His discoveries in this area place him in the tradition of diminution of human arrogance and status which includes the Copernican dethronement of the Earth from the centre of the solar system, the Darwinian removel of humankind from a special place at the peak of living nature, qualitatively distinct from other primates, and the Marxist assertion that economic causation lies at the heart of human arrangements and culture. Current Darwinians are asserting a more rampant reductionism, nibbling away at the human spirit and attributing culture and behaviour almost wholly to instincts and genes, as if sociobiological eaplanations are somehow more basic, because more scientific, than the accounts of the human condition which derive from the liberal arts.
            Freud’s concept of the ubiquity of sexual energy or libido has been broadened further in more recent work, in particular, by Melanie Klein, Donald Winnicott and Wilfred Bion, who place object relations, i.e., our relations with the objects of our love and hate, at the base of human feelings and interactions. The claims about the role of the unconscious have also been broadened to say that the inner world is more determinate of who we are and how we act and feel than the outer world. This is not to say that the outer world is ineffectual but rather that our early experiences of care and upbringing set the tone of how we feel and react for the rest of our lives.
            Freud’s influence grew apace. He was invited to lecture in America, psychoanalytic trainings and institutes were set up all over the world and continue to train psychoanalysts, while psychotherapy trainings have also prospered. He won the Goethe Prize for his writings, and he was made a Corresponding Member of the Royal Society of London when he immigrated to Hampstead just before he died.
            When I was a university student in the 1950s psychoanalysis was at the peak of its influence in the arts, the human sciences, and many posts in the medical schools were held by psychoanalysts. But Freud and psychoanalysis have always had their detractors in culture, academic psychology and psychiatry, a situation that was not bearable to the more traditional psychiatrists or to the new generation of psychopharmacologists who aspired to treat mental illness by drugs. There was a concerted counter-attack by the traditional psychiatrists in the 1970s that centred on the editorship of the Diagnostic and Statistical Manual of the American Psychiatric Association, the main textbook of student psychiatrists and reference work for practitioners throughout the world. A professor at Columbia, Robert Spitzer (an ex-trainee psychoanalyst), was approached to edit a revision of the manual. He said he would accept on the condition that he could determine the board of editors and that they could expunge all trace of psychoanalytic and psychodynamic thinking from the revised edition. And so it came to pass. There was a standing ovation at the meeting when this coup was announced. There are many accounts of this wrench in the conceptual culture of psychiatry including a vivid one in The New Yorker (3 January 2005) and a very moving one of the deleterious effects it has had on the training of mental health workers, Of Two Minds, by T. M. Luhrmann.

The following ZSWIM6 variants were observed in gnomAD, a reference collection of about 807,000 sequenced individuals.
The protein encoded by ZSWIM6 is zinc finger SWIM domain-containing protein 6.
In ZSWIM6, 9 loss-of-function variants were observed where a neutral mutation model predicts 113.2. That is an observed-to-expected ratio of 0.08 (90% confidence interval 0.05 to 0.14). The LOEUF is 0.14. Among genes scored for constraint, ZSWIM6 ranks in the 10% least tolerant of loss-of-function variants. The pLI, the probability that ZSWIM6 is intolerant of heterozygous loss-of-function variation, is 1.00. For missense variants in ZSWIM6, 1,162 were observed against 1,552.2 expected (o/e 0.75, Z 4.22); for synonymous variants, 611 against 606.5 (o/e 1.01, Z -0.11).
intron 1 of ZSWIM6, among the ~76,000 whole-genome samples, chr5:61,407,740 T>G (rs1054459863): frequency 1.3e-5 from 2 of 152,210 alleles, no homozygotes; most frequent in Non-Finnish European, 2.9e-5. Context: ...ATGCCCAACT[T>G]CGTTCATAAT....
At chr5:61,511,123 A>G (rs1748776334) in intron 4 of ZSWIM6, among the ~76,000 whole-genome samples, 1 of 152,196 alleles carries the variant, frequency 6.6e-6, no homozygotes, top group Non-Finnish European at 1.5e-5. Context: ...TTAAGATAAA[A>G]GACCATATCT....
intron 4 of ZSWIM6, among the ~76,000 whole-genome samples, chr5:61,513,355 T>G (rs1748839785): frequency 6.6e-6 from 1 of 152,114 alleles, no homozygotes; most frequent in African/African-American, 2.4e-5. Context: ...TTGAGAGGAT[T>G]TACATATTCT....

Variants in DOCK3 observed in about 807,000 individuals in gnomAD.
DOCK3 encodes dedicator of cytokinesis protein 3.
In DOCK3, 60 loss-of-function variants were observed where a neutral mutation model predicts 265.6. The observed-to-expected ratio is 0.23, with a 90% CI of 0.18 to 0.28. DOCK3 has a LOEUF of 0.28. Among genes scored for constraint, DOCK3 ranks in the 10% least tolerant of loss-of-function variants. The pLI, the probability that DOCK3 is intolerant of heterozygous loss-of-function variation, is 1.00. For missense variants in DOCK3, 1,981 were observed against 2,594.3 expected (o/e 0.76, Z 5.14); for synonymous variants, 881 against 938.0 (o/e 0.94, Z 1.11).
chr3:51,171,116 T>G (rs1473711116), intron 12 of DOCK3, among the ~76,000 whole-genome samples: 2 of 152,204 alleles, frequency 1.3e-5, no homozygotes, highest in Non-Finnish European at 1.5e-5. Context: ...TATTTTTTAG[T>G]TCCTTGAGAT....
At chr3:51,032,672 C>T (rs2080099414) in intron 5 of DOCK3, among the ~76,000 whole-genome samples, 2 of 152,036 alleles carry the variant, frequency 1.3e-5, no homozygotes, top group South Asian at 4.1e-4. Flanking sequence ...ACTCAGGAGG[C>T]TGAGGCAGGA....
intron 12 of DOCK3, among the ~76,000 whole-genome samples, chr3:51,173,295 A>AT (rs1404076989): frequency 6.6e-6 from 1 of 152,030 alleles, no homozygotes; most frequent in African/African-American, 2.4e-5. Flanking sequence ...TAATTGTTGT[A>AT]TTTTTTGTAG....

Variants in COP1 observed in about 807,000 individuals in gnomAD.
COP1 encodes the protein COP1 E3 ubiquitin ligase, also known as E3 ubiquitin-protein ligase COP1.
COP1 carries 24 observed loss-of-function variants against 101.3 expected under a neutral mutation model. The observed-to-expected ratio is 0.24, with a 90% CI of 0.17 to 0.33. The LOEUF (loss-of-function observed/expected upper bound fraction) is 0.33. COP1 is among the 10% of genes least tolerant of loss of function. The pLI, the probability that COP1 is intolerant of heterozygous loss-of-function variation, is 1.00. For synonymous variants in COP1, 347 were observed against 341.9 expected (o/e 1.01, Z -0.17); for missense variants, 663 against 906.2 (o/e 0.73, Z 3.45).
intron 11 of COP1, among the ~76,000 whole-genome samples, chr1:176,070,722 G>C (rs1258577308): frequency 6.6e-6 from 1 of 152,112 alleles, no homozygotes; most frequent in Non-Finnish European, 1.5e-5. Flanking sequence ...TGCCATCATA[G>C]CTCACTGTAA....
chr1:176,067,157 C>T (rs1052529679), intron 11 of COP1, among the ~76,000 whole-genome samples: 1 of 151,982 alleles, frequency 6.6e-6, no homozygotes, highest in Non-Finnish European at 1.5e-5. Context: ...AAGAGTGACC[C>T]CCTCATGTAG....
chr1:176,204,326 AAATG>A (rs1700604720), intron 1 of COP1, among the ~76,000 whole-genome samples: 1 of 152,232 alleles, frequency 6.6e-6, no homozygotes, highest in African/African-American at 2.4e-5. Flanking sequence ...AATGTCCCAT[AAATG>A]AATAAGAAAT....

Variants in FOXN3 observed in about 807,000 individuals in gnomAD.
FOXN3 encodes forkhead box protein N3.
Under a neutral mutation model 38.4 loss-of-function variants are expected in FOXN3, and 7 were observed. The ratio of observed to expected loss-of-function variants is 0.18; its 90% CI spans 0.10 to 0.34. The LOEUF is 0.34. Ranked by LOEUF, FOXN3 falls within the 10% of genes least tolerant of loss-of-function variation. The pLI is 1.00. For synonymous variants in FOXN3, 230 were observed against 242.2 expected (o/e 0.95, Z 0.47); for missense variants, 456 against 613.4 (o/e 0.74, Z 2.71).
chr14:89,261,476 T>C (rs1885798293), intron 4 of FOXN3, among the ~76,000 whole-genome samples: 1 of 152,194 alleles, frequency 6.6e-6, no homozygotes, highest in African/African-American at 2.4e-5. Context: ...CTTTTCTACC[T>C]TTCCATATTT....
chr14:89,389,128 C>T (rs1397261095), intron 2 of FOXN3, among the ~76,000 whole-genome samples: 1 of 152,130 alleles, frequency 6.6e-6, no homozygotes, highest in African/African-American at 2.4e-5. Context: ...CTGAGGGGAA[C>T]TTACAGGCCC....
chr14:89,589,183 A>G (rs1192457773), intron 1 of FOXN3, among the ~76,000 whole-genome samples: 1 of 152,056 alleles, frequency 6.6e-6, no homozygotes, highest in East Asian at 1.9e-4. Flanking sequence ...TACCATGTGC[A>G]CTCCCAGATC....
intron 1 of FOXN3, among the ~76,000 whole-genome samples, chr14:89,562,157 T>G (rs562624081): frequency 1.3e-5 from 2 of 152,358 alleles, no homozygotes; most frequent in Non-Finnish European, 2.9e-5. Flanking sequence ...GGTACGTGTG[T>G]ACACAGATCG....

There was in this period another institutional attack on psychodynamic therapies. The insurance companies that pay for psychotherapy became reluctant, to the point of refusal, to fund open-ended psychological treatments, preferring short-term interventions and ongoing drug regimes. Even though prolonged drug treatments have since been discredited for most conditions, this ruling has stood. Most people cannot afford private psychotherapy, much less four or five times per week psychoanalysis. Unlike in the US and UK, in some countries, e.g., Germany and Canada, the state health service does pay for such treatments.
            There have also been swingeing attacks in the broader culture. These have come to be known as ‘The Freud Wars’. The best known was launched by Frederick Crews, a Berkeley professor of English Literature and a former adherent of psychoanalysis, in the New York Review of Books. A philosopher, Adolf Grünbaum, has launched an attack from the standpoint of phiulosophy of science, and there have been a number lighter-weight critiques. With few exceptions, e.g., Jonathan Lear’s Love and Its Place in Nature, the psychoanalytic community has not given a very good account of itself. Lear wrote, ‘The point of psychoanalysis is to help us develop a clearer, yet more flexible and creative, sense of what our ends might be. "How shall we live?" is, for Socrates, the fundamental question of human existence--and the attempt to answer that question is, for him, what makes human life worthwhile. And it is Plato and Shakespeare, Proust, Nietzsche and, most recently, Freud who complicated the issue by insisting that there are deep currents of meaning, often crosscurrents, running through the human soul which can at best be glimpsed through a glass darkly. This, if anything, is the Western tradition: not a specific set of values, but a belief that the human soul is too deep for there to be any easy answer to the question of how to live.’